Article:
What can we still imagine of Zizek imagining he is a Marxist?
Surprisingly, this leads us to Ramona Bautista, named co-conspirator to the gruesome murder of his brother Ramgen Bautista apparently in a conflict over monetary support.
Ramona and her Zizekean alibis
We mean a Zizekean alibi as the pitch for truth and nothing but the truth. But there is more to that. Zizek, for all his twist and turn as a Marxist, a Leninist and a Lacanian, has come to embody an alibi best suited for a defense before the bar of public opinion. The alibi, as we had mentioned earlier, is to remain sufficiently hysteric before the indifferent face of the Real which this time is supposed to hold a secret. In the case of Ramgen’s murder the secret is the mastermind behind the crime.
Ramona’s retraction and her latest taped message are clear examples of a Zizekean alibi, taking advantage of the postmodern turn into the virtual power of the Real. The more virtual the Real the more real the Real becomes. That is what it’s supposed to mean—that the Real is not so real to begin with. But that is also what the Real likes to show by unshowing itself. It shows, yet shy of showing its secret which keeps its secret a mystery to ponder and especulate on, that it contains no less than nothing. To all symbolic intents and purposes, the Real is playing hard to get.
Ramona was of course lying judging by the fact that she retracted her statements. She issued a third statement recorded on a video earlier before she fled to Hongkong the reason for which, according to her fat mother (I am trying to be objectively descriptive), was to escape being unduly judged by public opinion. In the video (it was so stupid not to cut out the portion where she was caught bungling a scripted message) she denounced what she claimed to be a mistake by the police for implicating her as co-conspirator of her younger brother in the killing of their elder sibling. In the video she appeared sufficiently hysterical, something Zizek would be happy about. Of course, no one would expect Ramona to admit she did it or was part of the crime. If she did it would be the end of entertainment industry. The public would have maligned Ramona’s lie. What the public expected was for Ramona to sufficiently lie and she did what was expected. She satisfied public expectation about the crime that many also expect to become one of the hottest reality shows on TV, replete with twists and turns that pander to public taste. The public now considers Ramona a hot property, regardless whether she was part of the crime or not, regardless whether her version of the crime was real or not. With Ramona’s latest alibi she satisfied a Zizekean observation regarding virtual reality in which “reality is experienced as reality without being one.” The most crucial thing about this is that the public knows that something is wrong with Ramona and we are happy about it. We don’t expect Ramona to spoil the Real.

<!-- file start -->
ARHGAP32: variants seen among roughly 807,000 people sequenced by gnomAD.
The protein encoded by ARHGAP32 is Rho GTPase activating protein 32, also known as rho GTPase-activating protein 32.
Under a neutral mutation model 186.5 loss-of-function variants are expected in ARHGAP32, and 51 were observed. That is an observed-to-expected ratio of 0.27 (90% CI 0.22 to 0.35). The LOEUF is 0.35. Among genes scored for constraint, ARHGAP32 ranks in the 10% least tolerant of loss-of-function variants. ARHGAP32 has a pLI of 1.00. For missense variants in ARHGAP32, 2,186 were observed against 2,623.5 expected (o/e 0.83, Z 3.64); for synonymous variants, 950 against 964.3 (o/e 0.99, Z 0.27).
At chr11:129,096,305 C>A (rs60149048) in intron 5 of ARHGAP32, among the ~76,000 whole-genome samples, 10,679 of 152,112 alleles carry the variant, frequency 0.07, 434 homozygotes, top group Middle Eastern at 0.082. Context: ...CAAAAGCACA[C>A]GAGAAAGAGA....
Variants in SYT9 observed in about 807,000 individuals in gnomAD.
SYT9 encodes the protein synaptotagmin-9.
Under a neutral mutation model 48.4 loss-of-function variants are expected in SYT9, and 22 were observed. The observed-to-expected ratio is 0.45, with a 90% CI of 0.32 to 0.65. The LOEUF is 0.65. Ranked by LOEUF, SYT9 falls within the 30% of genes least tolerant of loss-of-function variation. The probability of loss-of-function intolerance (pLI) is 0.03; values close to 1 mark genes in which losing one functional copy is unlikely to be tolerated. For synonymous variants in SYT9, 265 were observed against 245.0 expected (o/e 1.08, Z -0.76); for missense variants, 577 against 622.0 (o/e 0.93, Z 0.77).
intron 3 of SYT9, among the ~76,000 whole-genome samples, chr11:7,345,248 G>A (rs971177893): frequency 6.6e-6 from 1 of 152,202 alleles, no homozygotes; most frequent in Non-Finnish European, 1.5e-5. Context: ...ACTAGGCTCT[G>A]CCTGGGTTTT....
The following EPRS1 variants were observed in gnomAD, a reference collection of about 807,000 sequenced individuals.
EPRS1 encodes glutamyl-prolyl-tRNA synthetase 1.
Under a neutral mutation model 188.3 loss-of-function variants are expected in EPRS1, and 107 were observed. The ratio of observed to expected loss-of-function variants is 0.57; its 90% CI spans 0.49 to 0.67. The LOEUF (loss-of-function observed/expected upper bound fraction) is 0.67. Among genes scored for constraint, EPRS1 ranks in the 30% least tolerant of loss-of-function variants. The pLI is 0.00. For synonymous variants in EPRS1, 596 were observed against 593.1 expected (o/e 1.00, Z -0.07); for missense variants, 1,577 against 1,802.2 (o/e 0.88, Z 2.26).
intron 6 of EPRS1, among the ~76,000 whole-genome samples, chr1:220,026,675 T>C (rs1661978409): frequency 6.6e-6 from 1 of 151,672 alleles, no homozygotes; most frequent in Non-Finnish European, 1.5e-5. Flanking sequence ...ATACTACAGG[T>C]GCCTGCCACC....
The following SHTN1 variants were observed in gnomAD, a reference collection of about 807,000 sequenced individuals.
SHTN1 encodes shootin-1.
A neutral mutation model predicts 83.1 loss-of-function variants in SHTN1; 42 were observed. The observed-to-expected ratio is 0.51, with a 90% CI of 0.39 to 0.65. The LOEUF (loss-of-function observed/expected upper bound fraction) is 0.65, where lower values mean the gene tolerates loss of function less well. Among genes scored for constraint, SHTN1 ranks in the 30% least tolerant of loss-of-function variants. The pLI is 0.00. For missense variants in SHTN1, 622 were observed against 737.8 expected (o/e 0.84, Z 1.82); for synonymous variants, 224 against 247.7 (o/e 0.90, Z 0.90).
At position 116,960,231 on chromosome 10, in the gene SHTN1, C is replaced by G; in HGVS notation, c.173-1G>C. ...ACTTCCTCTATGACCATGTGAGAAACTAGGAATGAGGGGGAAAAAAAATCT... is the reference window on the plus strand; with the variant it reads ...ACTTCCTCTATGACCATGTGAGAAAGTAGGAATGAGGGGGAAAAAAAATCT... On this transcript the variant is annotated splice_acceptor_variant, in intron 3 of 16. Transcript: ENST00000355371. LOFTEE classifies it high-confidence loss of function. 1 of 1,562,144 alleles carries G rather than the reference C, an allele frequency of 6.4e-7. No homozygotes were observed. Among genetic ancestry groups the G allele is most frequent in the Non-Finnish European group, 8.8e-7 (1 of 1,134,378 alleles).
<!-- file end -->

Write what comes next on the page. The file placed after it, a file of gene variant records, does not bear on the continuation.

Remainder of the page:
In this case the worst thing Ramona can do is to insult the public by telling what the public doesn’t expect her to tell, that is, to tell a lie insufficiently. Let us hazard an alibi to that effect. What about drawing attention to the necessary pure monetary angle of the crime that only those who are sufficiently poor can commit. Is Ramona sufficiently poor? Nah. The poor majority of the public can start an endless tit for tat. Only those who are sufficiently rich (the poor wonders why a rich man wants more riches?) can be dissatisfied with what they have. To be sufficient in life means to become more capable of getting richer. But Zizek’s warning resonates here in a similar fashion as does concerning the question of provoking global capitalism. Do not unnecessarily disturb the system of riches which literally depends on literal deprivation of others. It spoils the Real by being too realistic about one’s poverty such as to make a stupid claim (intended to unmask the stupidity of the sufficiently rich) that one can be satisfied with being poor that is why he cannot kill his brother for money.
Either side is as good as nothing because the Real, or any claim to the effect of getting to the bottom of it, is nothing. Ramona (and the public as well, but the challenge falls more heavily on the former who awakened the public from the slumber of having to make do with consuming a flurry of crimes shown on TV, all irrational and senseless, that is, devoid of pure human interest!) should not be allowed under all circumstances to reveal the void there is beyond the face of truth. This approximates what Zizek describes as a “reversal [which] resides in the ultimate impossibility to draw a clear distinction between deceptive reality and some firm positive kernel of the Real: every positive bit of reality is a priori suspicious since (as we know from Lacan) the Real Thing is ultimately another name for the Void” (Welcome to the Desert of the Real).